I work Geri psych/adult psych at our state hospital. We see patients come in from the ED, their homes, rehab, from LTC. And like another poster stated, we know when a patient came from a poor quality LTC. Not even just from pressure ulcers, but from their BMI, quality of communication (many times they are afraid to ask for help from staff, and you can often separate this from the s/s of the dx they came in with), and the cleanliness (among others).

I'm not in ICU or the ED. My husband is an ICU APRN, and I know in my heart that that's a job not for me. Despite its "exciting" challenges and opportunities ... meh. I wouldn't be good at it because my heart isn't in it. As for the ED, THAT's not all that's cracked up to be either; our particular hospital's ED is a miserable place to work (high turnover rate, high census, poor management, etc). One of my closest friends works there and while she loves the staff, she is pretty unhappy. Often times she reports, among the "exciting things," with most other complaints patients certainly don't need to go to the ED for.

I'm in a field people don't typically LOVE (psych). I'm the only one in my graduating class who did so. Who cares? I'm happy and enjoy what I do.

The grass isn't always greener.

Each of us has our niche And viva la difference. And that niche can change over time.

BSN16

Specializes in ICU, trauma.

I work in the level 1 trauma/neuro ICU and i think your understanding of what we do is unrealistically high.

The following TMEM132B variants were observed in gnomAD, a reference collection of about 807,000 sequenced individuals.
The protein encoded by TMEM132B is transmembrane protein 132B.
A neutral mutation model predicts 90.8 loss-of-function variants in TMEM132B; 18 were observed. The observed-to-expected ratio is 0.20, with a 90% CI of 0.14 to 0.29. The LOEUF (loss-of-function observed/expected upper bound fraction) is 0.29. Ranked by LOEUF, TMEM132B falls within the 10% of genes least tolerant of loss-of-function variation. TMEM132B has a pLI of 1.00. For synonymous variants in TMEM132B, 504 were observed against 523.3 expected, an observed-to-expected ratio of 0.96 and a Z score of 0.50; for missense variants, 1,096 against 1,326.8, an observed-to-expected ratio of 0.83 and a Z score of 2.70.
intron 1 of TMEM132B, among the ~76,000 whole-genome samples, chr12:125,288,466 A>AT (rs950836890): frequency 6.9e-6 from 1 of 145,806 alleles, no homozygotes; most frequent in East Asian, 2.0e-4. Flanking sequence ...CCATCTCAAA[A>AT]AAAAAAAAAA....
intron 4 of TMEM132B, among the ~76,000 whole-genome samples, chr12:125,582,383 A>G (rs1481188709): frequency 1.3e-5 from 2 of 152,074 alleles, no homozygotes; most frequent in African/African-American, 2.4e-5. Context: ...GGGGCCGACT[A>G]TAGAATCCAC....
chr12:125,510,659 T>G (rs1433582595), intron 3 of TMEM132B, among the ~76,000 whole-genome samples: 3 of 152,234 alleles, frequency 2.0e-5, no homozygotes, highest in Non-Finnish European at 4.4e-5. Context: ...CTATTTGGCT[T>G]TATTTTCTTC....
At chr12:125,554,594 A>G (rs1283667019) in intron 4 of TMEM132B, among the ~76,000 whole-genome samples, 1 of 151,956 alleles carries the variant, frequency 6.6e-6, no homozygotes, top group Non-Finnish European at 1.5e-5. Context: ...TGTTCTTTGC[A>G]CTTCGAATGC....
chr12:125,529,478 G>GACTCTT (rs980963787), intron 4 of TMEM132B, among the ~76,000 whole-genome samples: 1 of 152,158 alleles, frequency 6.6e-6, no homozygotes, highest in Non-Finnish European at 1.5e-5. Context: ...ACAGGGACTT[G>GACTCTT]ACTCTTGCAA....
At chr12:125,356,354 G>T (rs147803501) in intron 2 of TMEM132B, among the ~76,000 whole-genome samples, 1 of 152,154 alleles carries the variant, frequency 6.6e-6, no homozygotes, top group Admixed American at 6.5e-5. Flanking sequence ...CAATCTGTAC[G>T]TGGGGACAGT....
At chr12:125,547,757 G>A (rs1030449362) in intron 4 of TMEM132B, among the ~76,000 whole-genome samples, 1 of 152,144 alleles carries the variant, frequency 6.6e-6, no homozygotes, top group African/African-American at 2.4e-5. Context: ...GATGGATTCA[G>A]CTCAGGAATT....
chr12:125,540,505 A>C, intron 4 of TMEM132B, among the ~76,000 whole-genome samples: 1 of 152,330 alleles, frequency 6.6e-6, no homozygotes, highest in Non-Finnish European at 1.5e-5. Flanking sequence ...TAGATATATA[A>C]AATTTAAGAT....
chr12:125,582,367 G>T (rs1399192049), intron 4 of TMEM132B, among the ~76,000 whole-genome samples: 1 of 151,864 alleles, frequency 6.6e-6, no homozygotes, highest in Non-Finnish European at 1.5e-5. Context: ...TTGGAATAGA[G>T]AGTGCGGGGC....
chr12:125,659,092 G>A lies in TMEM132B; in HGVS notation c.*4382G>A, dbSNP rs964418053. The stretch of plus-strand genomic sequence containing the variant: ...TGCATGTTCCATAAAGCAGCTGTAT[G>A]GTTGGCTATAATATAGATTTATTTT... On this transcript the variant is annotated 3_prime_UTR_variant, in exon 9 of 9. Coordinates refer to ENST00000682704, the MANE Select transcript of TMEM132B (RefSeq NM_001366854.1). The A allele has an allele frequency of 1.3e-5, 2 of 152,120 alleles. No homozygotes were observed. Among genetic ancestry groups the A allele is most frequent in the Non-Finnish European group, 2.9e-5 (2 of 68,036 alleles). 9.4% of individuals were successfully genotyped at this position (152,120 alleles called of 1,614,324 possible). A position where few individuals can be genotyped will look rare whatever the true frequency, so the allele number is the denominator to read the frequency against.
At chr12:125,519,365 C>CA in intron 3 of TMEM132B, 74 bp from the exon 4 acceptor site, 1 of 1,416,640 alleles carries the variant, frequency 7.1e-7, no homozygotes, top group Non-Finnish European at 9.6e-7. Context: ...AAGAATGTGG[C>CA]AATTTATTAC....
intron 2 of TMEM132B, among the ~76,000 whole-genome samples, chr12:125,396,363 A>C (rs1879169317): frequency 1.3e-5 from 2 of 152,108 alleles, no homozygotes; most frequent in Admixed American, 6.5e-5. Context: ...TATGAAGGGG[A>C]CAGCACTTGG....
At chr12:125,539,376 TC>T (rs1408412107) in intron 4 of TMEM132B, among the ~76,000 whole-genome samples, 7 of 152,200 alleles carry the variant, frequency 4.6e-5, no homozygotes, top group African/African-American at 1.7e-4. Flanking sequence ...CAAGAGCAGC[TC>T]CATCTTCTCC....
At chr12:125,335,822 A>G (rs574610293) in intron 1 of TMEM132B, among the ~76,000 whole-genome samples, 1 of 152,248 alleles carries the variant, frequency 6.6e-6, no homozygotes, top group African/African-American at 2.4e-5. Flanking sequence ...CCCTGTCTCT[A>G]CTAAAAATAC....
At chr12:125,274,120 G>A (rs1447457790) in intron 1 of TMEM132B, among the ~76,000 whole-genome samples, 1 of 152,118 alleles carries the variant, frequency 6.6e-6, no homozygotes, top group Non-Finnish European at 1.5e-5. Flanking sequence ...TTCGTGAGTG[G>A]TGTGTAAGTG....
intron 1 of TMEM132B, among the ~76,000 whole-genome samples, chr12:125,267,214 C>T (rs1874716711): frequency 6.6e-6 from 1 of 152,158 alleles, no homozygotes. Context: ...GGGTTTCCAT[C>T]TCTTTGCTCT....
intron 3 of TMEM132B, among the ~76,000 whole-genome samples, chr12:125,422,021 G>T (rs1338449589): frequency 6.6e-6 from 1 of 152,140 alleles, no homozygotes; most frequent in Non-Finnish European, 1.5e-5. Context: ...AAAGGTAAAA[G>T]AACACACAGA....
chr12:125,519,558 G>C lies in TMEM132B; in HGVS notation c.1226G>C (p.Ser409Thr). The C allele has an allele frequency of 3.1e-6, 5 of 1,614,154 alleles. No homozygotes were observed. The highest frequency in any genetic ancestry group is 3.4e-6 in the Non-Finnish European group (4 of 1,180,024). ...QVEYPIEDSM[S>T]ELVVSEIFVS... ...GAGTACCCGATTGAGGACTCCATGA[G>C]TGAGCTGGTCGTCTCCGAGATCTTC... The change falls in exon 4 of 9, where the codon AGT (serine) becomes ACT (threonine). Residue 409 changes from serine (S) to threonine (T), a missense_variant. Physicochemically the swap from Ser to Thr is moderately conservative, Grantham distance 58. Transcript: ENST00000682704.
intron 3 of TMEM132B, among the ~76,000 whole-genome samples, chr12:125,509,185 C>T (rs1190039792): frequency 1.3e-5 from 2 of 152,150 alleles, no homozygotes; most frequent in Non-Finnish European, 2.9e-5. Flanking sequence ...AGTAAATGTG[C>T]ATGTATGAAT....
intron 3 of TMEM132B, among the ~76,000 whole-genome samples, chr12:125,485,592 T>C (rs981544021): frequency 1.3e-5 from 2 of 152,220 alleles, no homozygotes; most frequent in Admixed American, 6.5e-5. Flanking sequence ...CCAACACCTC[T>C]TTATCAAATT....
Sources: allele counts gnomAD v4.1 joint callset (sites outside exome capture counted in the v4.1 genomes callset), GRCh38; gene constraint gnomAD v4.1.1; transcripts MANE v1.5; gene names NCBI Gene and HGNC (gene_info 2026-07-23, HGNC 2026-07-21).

Yes we do things like sedations, intubations, extubations, lines, machines....etc but these things just all become routine overtime, just like what you're describing. In fact there are many nights when my patients will have NONE of these things.

Also would like to point out all the things you described we do in the ICU as well. If you're hoping to get away from blood sugars, tube feedings, and wound changed this is not the place lol.

There will soon be a point in your ICU career where you walk in a room and aren't wow-ed by an ET tube or an art line. When i first learned CRRT I was SOOO pumped to do it, but now i'd rather just take regular patients than a crrt patient :yawn:

work is work wherever you go, but it's up to you whether or not to make it an enjoyable experience.

TriciaJ, RN

Specializes in Psych, Corrections, Med-Surg, Ambulatory. Has 40 years experience.

When I worked psych I cared for a lady who had just had a baby, but she became wild and crazy and spent a night in restraints before she settled down. The next day she was calm and asked if she could see her baby. I had to give a lot of reassurance to the NICU nurse to be allowed to bring her up there.